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Reference Guide

Sales & Leases of Goods - Reference Guides

2 Pages

Course Code
ACTG 2010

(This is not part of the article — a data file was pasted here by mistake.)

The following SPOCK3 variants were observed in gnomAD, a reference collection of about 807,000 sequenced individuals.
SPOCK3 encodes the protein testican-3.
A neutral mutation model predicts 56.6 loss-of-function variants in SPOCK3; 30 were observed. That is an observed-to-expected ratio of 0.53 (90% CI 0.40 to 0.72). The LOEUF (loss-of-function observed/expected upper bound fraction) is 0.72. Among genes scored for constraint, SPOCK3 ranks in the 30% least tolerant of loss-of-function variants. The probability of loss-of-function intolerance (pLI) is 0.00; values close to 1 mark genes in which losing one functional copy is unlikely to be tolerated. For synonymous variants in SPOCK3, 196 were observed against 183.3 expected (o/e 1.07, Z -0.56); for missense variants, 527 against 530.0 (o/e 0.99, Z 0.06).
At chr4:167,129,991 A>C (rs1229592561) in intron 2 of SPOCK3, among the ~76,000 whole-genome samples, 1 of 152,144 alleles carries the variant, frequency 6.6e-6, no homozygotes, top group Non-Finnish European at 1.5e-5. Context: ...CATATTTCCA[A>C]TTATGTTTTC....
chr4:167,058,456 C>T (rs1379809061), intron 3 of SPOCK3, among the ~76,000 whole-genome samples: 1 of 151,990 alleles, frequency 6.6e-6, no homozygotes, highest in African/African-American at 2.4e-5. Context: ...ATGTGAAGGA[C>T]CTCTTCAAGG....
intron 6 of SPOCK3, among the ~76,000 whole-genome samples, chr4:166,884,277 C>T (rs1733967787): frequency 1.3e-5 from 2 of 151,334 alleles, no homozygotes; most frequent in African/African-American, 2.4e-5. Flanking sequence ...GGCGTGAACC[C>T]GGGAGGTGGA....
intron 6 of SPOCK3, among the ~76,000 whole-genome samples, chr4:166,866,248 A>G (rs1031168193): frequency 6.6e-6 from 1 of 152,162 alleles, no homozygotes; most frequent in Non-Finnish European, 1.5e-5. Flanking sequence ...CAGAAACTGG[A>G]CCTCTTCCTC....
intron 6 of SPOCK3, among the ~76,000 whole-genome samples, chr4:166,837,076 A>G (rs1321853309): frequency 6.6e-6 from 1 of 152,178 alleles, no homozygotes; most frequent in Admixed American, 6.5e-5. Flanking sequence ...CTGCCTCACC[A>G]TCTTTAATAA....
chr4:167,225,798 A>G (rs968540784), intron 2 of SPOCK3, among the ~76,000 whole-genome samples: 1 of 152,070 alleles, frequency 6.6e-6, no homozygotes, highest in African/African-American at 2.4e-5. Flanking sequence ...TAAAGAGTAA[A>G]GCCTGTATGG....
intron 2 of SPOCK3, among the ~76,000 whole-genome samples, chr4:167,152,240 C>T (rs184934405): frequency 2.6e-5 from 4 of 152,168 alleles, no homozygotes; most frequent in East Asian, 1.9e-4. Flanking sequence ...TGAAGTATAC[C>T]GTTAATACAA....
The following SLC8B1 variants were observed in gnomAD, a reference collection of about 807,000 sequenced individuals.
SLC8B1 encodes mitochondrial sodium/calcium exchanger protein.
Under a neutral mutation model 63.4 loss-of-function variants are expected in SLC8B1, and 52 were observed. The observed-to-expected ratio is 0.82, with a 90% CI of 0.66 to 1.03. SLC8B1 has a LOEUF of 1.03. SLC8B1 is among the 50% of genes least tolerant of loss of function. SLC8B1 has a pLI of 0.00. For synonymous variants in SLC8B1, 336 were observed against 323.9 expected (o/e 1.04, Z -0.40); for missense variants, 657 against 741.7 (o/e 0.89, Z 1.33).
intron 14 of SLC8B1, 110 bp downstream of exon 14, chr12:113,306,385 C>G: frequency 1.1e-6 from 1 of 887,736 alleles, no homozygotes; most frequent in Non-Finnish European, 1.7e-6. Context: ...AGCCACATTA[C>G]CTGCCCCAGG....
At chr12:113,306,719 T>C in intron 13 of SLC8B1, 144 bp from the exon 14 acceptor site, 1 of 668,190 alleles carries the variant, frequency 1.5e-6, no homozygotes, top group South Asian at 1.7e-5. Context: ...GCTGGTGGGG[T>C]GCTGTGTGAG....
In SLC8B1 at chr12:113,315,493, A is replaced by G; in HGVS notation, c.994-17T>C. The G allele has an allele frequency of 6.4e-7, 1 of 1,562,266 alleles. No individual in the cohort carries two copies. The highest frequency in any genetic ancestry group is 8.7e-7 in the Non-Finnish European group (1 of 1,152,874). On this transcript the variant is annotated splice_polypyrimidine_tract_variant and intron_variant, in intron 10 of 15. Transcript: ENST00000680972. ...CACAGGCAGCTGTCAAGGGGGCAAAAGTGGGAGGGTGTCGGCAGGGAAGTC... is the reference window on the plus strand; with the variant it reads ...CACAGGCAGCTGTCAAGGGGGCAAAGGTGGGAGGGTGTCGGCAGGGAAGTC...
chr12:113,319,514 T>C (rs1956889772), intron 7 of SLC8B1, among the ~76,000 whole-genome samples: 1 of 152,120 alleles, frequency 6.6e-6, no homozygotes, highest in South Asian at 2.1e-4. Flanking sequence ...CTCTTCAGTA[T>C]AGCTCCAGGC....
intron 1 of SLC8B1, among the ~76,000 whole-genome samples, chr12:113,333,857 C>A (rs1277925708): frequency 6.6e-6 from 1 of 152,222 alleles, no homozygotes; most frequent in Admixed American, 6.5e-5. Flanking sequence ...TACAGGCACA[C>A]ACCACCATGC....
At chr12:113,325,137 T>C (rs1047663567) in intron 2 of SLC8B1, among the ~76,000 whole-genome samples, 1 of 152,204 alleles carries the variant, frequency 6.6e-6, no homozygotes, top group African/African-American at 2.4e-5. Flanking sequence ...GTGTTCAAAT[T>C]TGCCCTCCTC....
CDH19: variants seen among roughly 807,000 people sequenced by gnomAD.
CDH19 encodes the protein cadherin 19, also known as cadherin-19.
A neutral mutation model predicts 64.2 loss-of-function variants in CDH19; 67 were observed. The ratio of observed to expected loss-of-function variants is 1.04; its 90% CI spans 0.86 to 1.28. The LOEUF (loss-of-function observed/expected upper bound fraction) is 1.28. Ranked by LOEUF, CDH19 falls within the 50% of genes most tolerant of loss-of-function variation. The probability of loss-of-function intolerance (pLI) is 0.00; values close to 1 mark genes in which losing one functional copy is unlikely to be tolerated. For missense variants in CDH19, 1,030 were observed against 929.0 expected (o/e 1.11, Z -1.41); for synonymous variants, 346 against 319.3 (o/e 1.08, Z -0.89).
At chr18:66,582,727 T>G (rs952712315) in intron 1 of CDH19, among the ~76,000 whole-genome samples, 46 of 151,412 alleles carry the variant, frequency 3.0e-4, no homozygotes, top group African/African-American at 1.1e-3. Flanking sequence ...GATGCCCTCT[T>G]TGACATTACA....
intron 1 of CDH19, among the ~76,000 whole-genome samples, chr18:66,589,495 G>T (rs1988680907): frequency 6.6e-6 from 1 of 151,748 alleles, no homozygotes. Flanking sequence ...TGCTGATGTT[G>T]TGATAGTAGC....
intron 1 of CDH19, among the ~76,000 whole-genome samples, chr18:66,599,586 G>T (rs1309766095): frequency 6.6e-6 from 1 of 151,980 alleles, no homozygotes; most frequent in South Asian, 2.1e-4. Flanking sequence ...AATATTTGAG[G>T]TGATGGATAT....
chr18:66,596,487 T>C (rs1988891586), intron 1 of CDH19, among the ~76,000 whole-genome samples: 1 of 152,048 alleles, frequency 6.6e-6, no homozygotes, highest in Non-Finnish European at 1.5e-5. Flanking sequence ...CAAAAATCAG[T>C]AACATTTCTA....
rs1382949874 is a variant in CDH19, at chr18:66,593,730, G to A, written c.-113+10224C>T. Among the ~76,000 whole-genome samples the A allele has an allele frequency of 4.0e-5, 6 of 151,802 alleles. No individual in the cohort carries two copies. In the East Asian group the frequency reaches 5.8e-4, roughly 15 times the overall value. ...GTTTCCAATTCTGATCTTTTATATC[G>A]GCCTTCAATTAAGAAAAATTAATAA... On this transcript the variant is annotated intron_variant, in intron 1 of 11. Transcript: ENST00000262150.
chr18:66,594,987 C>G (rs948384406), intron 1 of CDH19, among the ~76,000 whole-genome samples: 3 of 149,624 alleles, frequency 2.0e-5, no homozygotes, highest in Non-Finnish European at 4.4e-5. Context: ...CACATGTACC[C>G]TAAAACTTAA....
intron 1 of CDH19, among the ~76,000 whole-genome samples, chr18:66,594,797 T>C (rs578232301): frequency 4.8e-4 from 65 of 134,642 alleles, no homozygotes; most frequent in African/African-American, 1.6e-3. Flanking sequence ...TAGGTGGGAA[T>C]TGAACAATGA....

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TM permacharts S a le s&L e a s e so fG o o d s General Considerations Uniform Commercial Code Article 2: Sale of Goods COMMERCIAL LAW ARTICLE 1 SCOPE • Under the Uniform Commercial Code (UCC),transactions tak• Provides structure by expressing underlying policies (i.e.,simplify commercialons in goods,unless context requires otherwise forms,subject matter is personal property,and parties incllaw; allow expansion of commercial practice through parties’ agreement; consumers m ake law uniform in various jurisdictions) (s.1-102(1)) • Covers contracts for present or future sale of goods (s.2-106(1)) • Parties to contract of sale include seller and buyer (s.2-103(1)); parties toich provisions may be varied by agree• Involves contract between a seller and buyer (s.2-103(1)(a),(d)) lease of goods are lessor and lessee (s.2A-103(1)) •Provides general definitions (s.1-102) • Goods includes all things (including any specially manufactured goods) that • Contracts for sale of goods are regulated by UCC Article 2; contracts forrs of substance (i.e.,imposing good faith duty uponle at the time of identification to contract for sale (s.2-105(1)) leases of goods are regulated by UCC Article 2A performance of contracts) (s.1-203) •Excludes money where price is to be paid,investment securities,and things SUBSTANTIVE CONTENT in action • Transactions in goods do not include gifts,bailments,consignments,leases Contract Formation •Article 2:Sales •Article 2A:Leases •Article 3:Commercial P(covered byArticle 2A),and service and construction contracts subject to •Article 5:Letters of Credit •Article 6:Bulk Sales •Article 7:Documents ofTitle IMPORTANCE OF AGREEMENT STATUTE OF FRAUDS •Article 8:Investment Securities •Article 9:SecuredTransactionsIES • A contract is formed when • It conditions enforceability of an • Flexible standards dominate,as opposed to rigid rules (s.2-206(1)) Article 2 gives legal effect toreement with the presence of aODOLOGY • Title receives less emphasis as a problem solving device with regards to parties’ agreement in fact; totalting indicating that the• Analyze problem and develop general issue(s) rights,obligations,and remedies (s.2-401(1)) legal obligation that results fromact for sale has been madeetermine whether Code applies •Pre-transaction planning is encouraged and rewarded parties’ agreement (s.1-201(11)) signed by the charged partyevelop precise statutory issues •Reasonable terms exist to fill gaps in agreement (with limits) (s.2-204(3)) •Anagreement is the bargainin (s.2-201(1)) • Consult applicable statutory language,definitions,and cr•When a seller or buyer is a merchant,different and higher standards of fact of parties as foundintheirquirement is met even thoughther sections to determine principal purpose(s) and appliconduct are required (s.2-104(3)) language or by implicationfromriting does not contain all•Enhance interpretation by consulting comments,legislative• Abuses at time of contracting are regulated by the unconscionability other circumstances (i.e.,course ofal terms or where secondary sources doctrine (s.2-302) dealing,course of performance, erchant fails to object to• Analyze judicial decisions interpreting same sections; C• Abuses at time of performance or enforcement of contract are regulated by usage of trade) (ss.1-205,2-208)isfactory confirmation in evidence of meaning requirement of good faith (s.1-203) OFFERS & ACCEPTANCE writing sent by other merchant • An offer is display of willingness non-writing situations are to enter into a bargain made manufactured goods,party Third Party Claims justify another person’s performance,admission in court, understanding that assent to reliance) OWNERSHIP CLAIMS SELLER’S WARRANTY OF TITLE bargain is invited and ends •Agreement is not enforceable• When an owner seeks to replevin goods sold by a seller t• Seller makes a warranty to the buyer that title conveyed is good,its transfer • A firm offer (an option) maybeyond quantity of goods showneller can only provide the buyer with title that is withirightful,and goods are free of any security interest (s.2-312(1)) created without considerationin writing or evidenced by transfer (s.2-403) • Buyer’s damages for breach include incidental and consequential damages reliance in a writing signed performance or admission •Exceptions occur when the owner has delivered goods to the(s.2-714(2)) merchant GENERAL POLICIES transaction of purchase (later claimed to be voidable) and owner has • An acceptance may be in any entrusted goods (but not power to sell) to merchant where buyer makes a CLAIMS reasonable method or manner •not a promise or considerationurchase in ordinary course of business • After delivery,seller has a limited right to reclaim goods from a buyer in a unless otherwise unambiguousl(s.2-204) SECURITY INTEREST CLAIMS credit sale where buyer was insolvent (s.2-702) or cash sale where check indicated (s.2-206(1)) • Less emphasis on formalities;Security interests in goods are created and perfected underArticle 9is dishonored (s.2-507(2)) •Offeree may accept by promisebest evidence of agreement mayIf a secured party creates a perfected security interest in seller’s goods, is subject to purchasers,including a secured party,who performance or commencing be parties’ conduct rather thand seller sells them to buyer,then buyer is subject to security interestto intervene before a demand is made performance their words • Buyer takes free of security interest if secured party authorized sale orgoods is protected from claims of consignee’s creditors and • A contract is formed if off• Parties’ intention to make abuyer is a buyer in ordinary course of business and security interest was if appropriate notice is given m gives definite acceptance witcontract is given legal protection,d by seller • A buyer who leaves named goods in seller’s possession may be entitled different terms or if there ieven though time of contractSECURITY INTERESTS to them as against the seller through specific performance,reolevin or conduct by both parties that formation cannot be determined reclamation recognizes a contract even whor material terms have not beenf seller creates a security interest by agreement or retpossession is entrusted to a merchant and sale was in the ordinary course writings do not agree (s.2-20agreed upon interest,priority,and enforcement are governed byArticle 9of businesscurity . • If contract is formed,then • If parties intended to make• If seller retains or regains possession of goods upon buyer’s default,thenr may prevail over buyer if retention or identification was additional or different termscontract,but a material term he/she may have possessory security interest underArticle 2raudulent become part of agreement if not been agreed,then court w• Security interest is created without security agreement and perfected withoutourse of business may prevail over perfected security offeror has expressly assentesupply a reasonable term and filing a finance statement interest even though goods have been left with seller r them enforce bargain a Remedies h c BREACH OF CONTRACT BUYER’S REMEDIES • Where one party impairs another’s expectations (no breach),aggrieved party may suspen• Upon seller’s breach,buyer may exercise self-help remedies a adequate assurance (s.2-609) • Includes withholding due payments,cancelling contract,and seeking damages • Response (or lack) may lead to renewed performance,modification or repudiation • If seller repudiates or fails to deliver,then buyer has certain goods-oriented remedies m •future performance under contract (s.2-610) conduct) by a promisor to promisee that he•and cover is not reasonably available (s.2-712); and recovery of goods where seller is insolvent (s.2-502) identified • Damaged party may cancel contract,suspend performance,and pursue damages • If specific performance or replevin are not available,then buyer may cover by purchasing substitute goods in the market • Other types result from conduct of seller or buyer during performance or seek damages at places when buyer learned of breach e • Seller may fail to deliver on time or tender defective goods; buyer may pursue remedy• Buyer may recover difference between contract price and cost to cover • Buyer may fail to pay on time or make a wrongful rejection; seller may pursue remedy • Failure to effect cover does not preclude damages measured by formula p • Remedies respond to type and timing of other’s breach • Damage remedies are augmented by provable damages and decreased for expenses saved; available where buyer SELLER’S REMEDIES rightfully rejected goods or revoked an acceptance • Upon buyer’s breach,seller may exercise self-help remedies Seller’s Non-Conforming Tender • Includes suspending performance,withholding delivery of goods in its possession,and stopping delivery of goods inon inspection,then buyer may reject goods,cancel contract,and pursue damages (s.2-601) transit (s.2-705) • Rejection must occur in fair time; state grounds to avoid harming seller’s right to cure • Seller may cancel the contract for certain types of breaches and seek damages • Limits include obligation of good faith,requirement (in installment contracts) that non-conformity be material,and seller’s • Seller may exercise various damage remedies limited right to cure non-conformity • Includes action for the price (s.2-709); resale to third party of goods completed before or after breach (s.2-706);htfully rejected goods has security interest for amounts paid and expenses incurred; varying action for damages measured by difference between contract price and market price at time and place for tendernd disposition (s.2-708(1)); and action for lost profit (including reasonable overhead) (s.2-708(2)) • If goods have been accepted,then buyer has limited power to revoke acceptance,cancel contract,and pursue • Each remedy has its own conditions damage remedies (s.2-714) • Contract price/market price formula is a fall back position when all else fails • Revocation requires notice within reasonable time; influenced by importance of non-conformity,whether buyer • Damages may be increased by incidental damages,incurred after breach,and adjusted downward for savings realizedon of goods at time by breach • If buyer cannot revoke acceptance,then it may recover damages to accepted goods; notice must have been given to • Administration of remedies may be influenced by seller’s choice of one remedy over the other,effect of lost volume,andbuyer discovered it applicability of components approach Damages AGREED REMEDIES • If breach of warranty occurs,then buyer’s direct damages are difference in value between goods warranted and • Parties may attempt to liquidate damages upon breach (s.2-718) goods accepted (measured at time of acceptance) (s. 2-715) • A reasonable forecast of damages is enforced as a remedy unless the amount was either unreasonably large ornclude post-breach expenses incurred in inspection,receipt,transportation,and custody of unconscionably low expensesly rejected goods; commercially reasonable expenses connected with cover; and other reasonably related • Parties may add or limit other remedies,provided that agreement does not deprive aggr• Consequential damages result from buyer’s inability to use promised goods remedy • Damages result from buyer’s needs which seller had reason to know at time of contracting; buyer must make reasonable • A clause excluding liability for consequential damages must be conscionable efforts to avoid them permacharts TM Performance of Contract for Sale S TRUCTURE BUYER’S OBLIGATIONS P ARTIES’ OBLIGATIONS • After formation,order and content of performance are settled by agreeme•tTo accept and pay in accordance with contract (s.2-301) • Seller’s obligation is to transfer and deliver; buyer’s obligation is to accept (s.2-301) • Price can be paid either in money,goods or an interest in realty and pay for goods in accordance with contract (s.2-301) • If agreement is insufficient,then performance obligations of seller and (s.2-106(1)) • Agreement may cover whether either party extends credit to the other,time buyer are supplied byArticle; parties must have intended to contract and order of performance,and duration and termination of contract • Buyer may pay either a fixed price,a price to be determined by an external • Absent an agreement,Article 2 governs risk of loss problem and standard,a fixed price that is subject to escalation or a price fixed by seller11(1),2-309(1)) determines when one party is excused by post-contract events which make• Pricing mechanism may vary,each of which allocates risks in a different Absent an agreement,neither party extends credit to the other; reasonable continued performance impracticable way terms on order of performance,duration,and termination • Encourages agreed risk allocation and supports agreements during • If parties intended to contract,but then either they fail to agree on the priceludable duty of good faith is imposed upon parties in performance performance which modify contract or the pricing mechanism fails,then the court may choose to supply a (s.1-203) reasonable price RISK OF LOSS SCOPE OF AGREEMENT • Determined by parol evidence rule • Buyer has no duty to accept and pay until it has reasonable opportunit• Rules determine which party bears risk when goods are lost or damaged • Parties intend writing to be either partial or total integration of agreementct goo